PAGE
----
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Abu Dhabi, UAETuesday 25 September 2018

Modi tax breaks fire up India's aircraft maintenance market

Firms gain from simpler rules for doing business and scrapping of import duties on equipment

A 787 Dreamliner being built for Air India by Boeing in South Carolina. Indian tax breaks should boost the Indian aircraft maintenance sector. Randall Hill / Reuters
A 787 Dreamliner being built for Air India by Boeing in South Carolina. Indian tax breaks should boost the Indian aircraft maintenance sector. Randall Hill / Reuters

The Indian prime minister Narendra Modi’s tax reforms will encourage more local airlines to service their aircraft within the country, a US$704 million-a-year business that currently goes to Sri Lanka and South East Asia.

Simpler rules for doing business and scrapping of import duties on equipment and machine parts are benefiting companies that maintain, repair and overhaul planes, said the Air Works India Engineering managing Dedirector Vivek Gour. Air Works services Airbus and Boeing single-aisle jets at an airport near the southern Indian city of Bengaluru.

Air Works, which is aiming to conduct an initial public offering in three years, is among companies that could benefit from a surge in air travel in India, an aviation market poised to become the world’s third largest by 2025. IndiGo, SpiceJet and other carriers in the south Asian nation have ordered more than $90 billion of aircraft from Airbus and Boeing in the past decade, which raises the potential of servicing about 1,000 aircraft in the next 10 years.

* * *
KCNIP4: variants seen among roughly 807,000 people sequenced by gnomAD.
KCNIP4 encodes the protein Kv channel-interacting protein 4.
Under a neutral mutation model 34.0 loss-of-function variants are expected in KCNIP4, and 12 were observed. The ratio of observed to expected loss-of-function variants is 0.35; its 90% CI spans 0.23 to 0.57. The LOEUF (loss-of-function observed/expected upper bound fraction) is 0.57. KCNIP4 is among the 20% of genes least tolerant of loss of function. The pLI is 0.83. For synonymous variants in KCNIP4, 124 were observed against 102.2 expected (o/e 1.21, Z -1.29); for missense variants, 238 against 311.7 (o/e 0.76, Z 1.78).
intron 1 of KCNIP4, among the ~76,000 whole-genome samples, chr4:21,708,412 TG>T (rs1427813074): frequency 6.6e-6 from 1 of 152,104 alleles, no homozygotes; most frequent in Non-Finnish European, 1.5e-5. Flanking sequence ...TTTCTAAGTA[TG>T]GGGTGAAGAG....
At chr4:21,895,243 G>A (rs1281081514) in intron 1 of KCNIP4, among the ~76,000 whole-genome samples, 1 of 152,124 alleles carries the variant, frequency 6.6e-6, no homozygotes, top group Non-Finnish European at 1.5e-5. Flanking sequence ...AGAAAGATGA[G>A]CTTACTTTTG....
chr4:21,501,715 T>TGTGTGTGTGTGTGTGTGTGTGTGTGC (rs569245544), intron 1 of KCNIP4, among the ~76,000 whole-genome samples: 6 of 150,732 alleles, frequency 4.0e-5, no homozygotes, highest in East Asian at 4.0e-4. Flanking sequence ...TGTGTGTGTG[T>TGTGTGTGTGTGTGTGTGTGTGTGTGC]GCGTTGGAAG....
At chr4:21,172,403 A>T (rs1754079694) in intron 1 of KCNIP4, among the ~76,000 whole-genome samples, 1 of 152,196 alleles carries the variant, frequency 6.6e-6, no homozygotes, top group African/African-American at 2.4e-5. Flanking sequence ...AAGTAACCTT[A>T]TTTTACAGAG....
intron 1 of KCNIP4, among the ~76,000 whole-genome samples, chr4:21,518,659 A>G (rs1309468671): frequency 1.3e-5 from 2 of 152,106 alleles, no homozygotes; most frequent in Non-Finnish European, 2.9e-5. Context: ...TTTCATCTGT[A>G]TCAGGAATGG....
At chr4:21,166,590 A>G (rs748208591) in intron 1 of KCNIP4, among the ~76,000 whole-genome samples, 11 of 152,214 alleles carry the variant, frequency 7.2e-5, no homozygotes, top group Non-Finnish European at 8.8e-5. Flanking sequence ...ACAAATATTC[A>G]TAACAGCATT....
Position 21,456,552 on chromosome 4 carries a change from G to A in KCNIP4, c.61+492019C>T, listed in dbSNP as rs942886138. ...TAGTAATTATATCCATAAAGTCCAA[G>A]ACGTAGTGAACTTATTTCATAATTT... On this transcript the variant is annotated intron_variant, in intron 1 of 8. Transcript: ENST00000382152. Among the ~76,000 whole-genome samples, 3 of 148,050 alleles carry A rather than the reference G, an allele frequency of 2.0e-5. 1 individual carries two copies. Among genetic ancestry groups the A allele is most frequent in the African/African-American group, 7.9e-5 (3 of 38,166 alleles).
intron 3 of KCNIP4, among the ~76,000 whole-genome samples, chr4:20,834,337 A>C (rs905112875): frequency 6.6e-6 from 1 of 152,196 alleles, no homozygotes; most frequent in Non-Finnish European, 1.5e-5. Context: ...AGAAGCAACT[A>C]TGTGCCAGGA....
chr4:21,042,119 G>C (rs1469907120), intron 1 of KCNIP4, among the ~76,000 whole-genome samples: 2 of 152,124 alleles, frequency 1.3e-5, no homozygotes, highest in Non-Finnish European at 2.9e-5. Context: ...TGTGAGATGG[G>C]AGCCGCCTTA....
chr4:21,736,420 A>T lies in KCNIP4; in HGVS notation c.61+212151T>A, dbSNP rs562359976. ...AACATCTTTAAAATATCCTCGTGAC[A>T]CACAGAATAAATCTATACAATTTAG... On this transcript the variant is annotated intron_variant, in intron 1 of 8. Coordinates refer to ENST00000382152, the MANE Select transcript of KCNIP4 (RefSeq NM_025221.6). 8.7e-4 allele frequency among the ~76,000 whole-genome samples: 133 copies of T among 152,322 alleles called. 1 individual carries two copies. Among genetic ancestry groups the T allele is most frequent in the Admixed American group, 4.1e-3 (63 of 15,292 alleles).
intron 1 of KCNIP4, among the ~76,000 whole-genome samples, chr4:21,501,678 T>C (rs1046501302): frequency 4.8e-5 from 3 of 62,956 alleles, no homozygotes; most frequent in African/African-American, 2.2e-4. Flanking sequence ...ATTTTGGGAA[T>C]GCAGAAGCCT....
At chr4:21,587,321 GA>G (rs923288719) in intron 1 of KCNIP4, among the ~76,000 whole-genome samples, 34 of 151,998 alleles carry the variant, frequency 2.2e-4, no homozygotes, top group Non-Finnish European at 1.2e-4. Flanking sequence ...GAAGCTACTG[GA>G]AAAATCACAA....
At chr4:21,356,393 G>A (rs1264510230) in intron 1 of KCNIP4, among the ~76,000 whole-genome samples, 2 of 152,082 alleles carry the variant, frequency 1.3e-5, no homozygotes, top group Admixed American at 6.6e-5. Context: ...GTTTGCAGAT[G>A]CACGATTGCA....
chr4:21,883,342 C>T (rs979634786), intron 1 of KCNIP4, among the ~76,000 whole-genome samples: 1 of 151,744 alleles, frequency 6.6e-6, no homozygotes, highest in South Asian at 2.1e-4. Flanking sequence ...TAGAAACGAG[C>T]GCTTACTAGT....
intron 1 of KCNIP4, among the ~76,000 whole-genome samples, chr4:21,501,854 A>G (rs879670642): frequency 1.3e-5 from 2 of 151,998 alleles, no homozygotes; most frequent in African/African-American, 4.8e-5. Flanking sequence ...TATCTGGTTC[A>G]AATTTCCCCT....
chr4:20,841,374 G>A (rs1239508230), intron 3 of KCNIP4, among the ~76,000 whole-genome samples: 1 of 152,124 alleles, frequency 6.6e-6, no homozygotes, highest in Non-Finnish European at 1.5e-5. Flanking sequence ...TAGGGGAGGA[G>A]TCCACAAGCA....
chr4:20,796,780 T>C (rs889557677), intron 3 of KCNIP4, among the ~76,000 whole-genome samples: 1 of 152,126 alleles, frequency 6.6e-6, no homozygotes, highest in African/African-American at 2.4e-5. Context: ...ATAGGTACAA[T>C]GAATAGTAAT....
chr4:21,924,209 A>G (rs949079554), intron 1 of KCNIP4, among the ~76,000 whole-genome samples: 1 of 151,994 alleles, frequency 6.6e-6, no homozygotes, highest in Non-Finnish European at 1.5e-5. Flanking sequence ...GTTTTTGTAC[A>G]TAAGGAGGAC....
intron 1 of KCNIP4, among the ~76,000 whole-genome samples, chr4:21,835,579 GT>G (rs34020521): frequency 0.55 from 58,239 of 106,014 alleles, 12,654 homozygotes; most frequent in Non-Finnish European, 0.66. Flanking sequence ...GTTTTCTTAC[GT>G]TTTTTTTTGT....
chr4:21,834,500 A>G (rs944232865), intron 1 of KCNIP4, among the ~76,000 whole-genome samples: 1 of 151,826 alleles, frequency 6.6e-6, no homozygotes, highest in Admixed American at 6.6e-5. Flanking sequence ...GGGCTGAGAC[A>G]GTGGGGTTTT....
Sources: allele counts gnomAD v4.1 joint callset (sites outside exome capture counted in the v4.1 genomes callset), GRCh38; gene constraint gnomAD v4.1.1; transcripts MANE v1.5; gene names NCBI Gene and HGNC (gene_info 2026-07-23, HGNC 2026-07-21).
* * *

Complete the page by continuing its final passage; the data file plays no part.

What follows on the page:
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By government estimates, Indian carriers spend about $704m annually on maintenance work at facilities in Sri Lanka, Singapore and Malaysia. With the new policy unveiled by Mr Modi last year, some of that business could be lured back to India, benefiting firms like Air Works, Mr Gour said.

The latest rules also allow foreign carriers to park their aircraft in India for as long as six months for routine upkeep and repairs without prior government approvals. That has opened up Air Works’ potential market to airlines from countries such as Oman, Maldives and Myanmar, Mr Gour said.

“Over the last two years, the government has made certain improvements,” he said. “MRO work in India has become cheaper for an airline.”

Air Works, which also has a contract to paint some Airbus aircraft in Toulouse, France, is aiming to have revenue of 10 billion rupees (Dh570m) in three years, a 67 per cent jump from its sales in the year ended March, Mr Gour said.

Two US-based private equity firms New Enterprise Associates and GTI Capital Group together own about 55 per cent of Air Works. Mr Gour holds about 6 per

cent.

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